A Few of My Favorite Canadian Artworks

Last week, I added several pins to my ‘Canadian Artists’ board on Pinterest. I was amazed by all the great artworks I saw – the following are some of my favorites.

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ABOVE: Lawren Harris, Decorative Landscape, 1917, oil on canvas, 48.2 x 51.9 inches, National Gallery of Canada, Ottawa

ABOVE: David Blackwood, The Great Peace of Brian and Martin Winson, 1985, etching, 32 x 30 inches, private collection

ABOVE: Mary Pratt, Smears of Jam, Lights of Jelly, 2007, oil on canvas, 16 x 20 inches, Equinox Gallery, Vancouver

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ABOVE: Edward Burtynsky, Nickel Tailings #34, Sudbury, Ontario, Canada, 1996, dye coupler print (Ektacolor), 40.2 x 61.2 inches, National Gallery of Canada, Ottawa

ABOVE: David Altmejd, The Eye, 2008, wood, mirror, 129.5 x 216.5 x 144.5 inches, Andrea Rosen Gallery, New York

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My Favorite Artworks in the AGO

While it can’t compete with the likes of MOMA or Tate Modern, the Art Gallery of Ontario (AGO) has plenty to offer. Here are ten of my favorite pieces – in no particular order.

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ABOVE: Chuck Close, Kent, 1970-71, acrylic on canvas, 100 x 90 inches, Art Gallery of Ontario, Photo: © Art Gallery of Ontario, Toronto [2014]

From Henry Moore to the Group of Seven, the AGO has more than enough to make a top ten list a daunting task. After much deliberation, here is mine:

Christi Belcourt, The Wisdom of the Universe

Beautiful and intricate. Belcourt is a skilled artist working in a post skill art world. No blank canvases here.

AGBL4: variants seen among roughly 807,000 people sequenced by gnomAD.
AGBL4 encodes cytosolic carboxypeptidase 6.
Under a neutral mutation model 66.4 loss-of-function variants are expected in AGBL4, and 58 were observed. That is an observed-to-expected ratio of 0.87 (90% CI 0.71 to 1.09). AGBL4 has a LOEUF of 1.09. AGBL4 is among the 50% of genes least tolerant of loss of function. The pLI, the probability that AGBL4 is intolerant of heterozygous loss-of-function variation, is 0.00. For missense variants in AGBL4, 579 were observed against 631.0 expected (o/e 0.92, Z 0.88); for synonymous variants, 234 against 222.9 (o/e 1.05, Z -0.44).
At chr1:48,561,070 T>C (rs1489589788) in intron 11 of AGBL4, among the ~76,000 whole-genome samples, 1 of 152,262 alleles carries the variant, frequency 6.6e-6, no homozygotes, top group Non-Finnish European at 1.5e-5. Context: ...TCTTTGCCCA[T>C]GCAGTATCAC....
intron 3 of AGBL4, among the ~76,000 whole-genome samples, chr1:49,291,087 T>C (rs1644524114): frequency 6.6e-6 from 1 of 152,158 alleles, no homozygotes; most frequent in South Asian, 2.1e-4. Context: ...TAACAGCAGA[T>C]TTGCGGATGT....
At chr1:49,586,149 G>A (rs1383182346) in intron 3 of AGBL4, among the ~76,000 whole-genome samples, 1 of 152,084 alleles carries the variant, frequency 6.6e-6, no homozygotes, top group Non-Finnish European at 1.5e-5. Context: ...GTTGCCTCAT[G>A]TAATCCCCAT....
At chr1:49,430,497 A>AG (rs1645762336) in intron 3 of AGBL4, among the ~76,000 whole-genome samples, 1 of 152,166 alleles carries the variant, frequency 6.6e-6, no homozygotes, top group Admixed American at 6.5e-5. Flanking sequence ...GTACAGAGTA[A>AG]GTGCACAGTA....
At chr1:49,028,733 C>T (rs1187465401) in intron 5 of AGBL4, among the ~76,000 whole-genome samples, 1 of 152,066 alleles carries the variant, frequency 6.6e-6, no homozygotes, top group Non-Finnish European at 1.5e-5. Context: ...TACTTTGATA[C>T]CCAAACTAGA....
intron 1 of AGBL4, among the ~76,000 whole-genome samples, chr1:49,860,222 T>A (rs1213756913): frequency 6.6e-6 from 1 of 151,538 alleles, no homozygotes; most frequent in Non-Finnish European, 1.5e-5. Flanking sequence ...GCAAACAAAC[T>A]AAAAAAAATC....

Evan Penny, Stretch #1

This thing is just plain cool. Basically, it’s Chuck Close on acid – not that I’d have any idea what that’d look like.

Jean-Paul Riopelle, Chevreuse II

Canada’s answer to Jackson Pollock – minus the alcoholism and spousal abuse – Riopelle’s Chevreuse II is a chaotic tour de force.

Kent Monkman, The Academy

Smart, vibrant…and big; new school meets old school in one of the AGO’s finest contemporary pieces.

Simon Starling, Infestation Piece (Musseled Moore)

Recreate a Moore, dump it in Lake Ontario, pull it up a year later, then put it on display covered in zebra mussels. Sterling gets an A for originality alone.

David Altmejd, The Index

Altmejd killed it in Venice with this sculpture. My girlfriend doesn’t like it very much; I love it very much.

Otto Dix, Portrait of Dr. Heinrich Stadelmann

Creepy as shit; Dix’s portrait shrinks the shrink. A weird painting by a seriously weird dude.

Chuck Close, Kent

Photorealism often gets a bad rep. That said, Chuck Close is the shit. Period. Full stop.

Peter Paul Rubens, The Massacre of the Innocents

Brighten your day with this wonderful depiction of slaughtered babies. When put like that, it doesn’t sound like much of a draw, but trust me, it is.

Gian Lorenzo Bernini, The Crucified Christ (corpus)

Of all the AGO’s crucifixes – and there are a lot of them – Bernini’s is arguably the best. No small feat.

O Canada

Canada Rocks! Through the years, we’ve produced some incredible artists. The following Canadian’s currently sit atop the art world.

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ABOVE: David Altmejd, The Holes, 2008, sculpture

From Lawren Harris to Norval Morrisseau, many a brilliant artist has come from the Great White North.

While the narrative of Canadian art continues to be written, the following Canucks are currently tops in the art world:

David Altmejd

One of my favorite artists. Period. Altmejd is a Montreal-born, New York-based sculptor whose intricate works are both beautiful and grotesque.

Terence Koh

A graduate of the Emily Carr Institute of Art and Design in Vanvouver, Koh does just everything, from prints and photographs, to installations and performances. He even has his own Youtube channel.

Kim Dorland

Born in Alberta, Dorland currently lives and paints in Toronto. Although his landscapes and portraits are often compared to works by Tom Thomson and the Group of Seven, a much better comparable is Peter Doig.

Sherry Boyle

A graduate of OCAD University – before it was a University – Boyle is an interdisciplinary artist whose body of work includes porcelain sculptures and large-scale installations.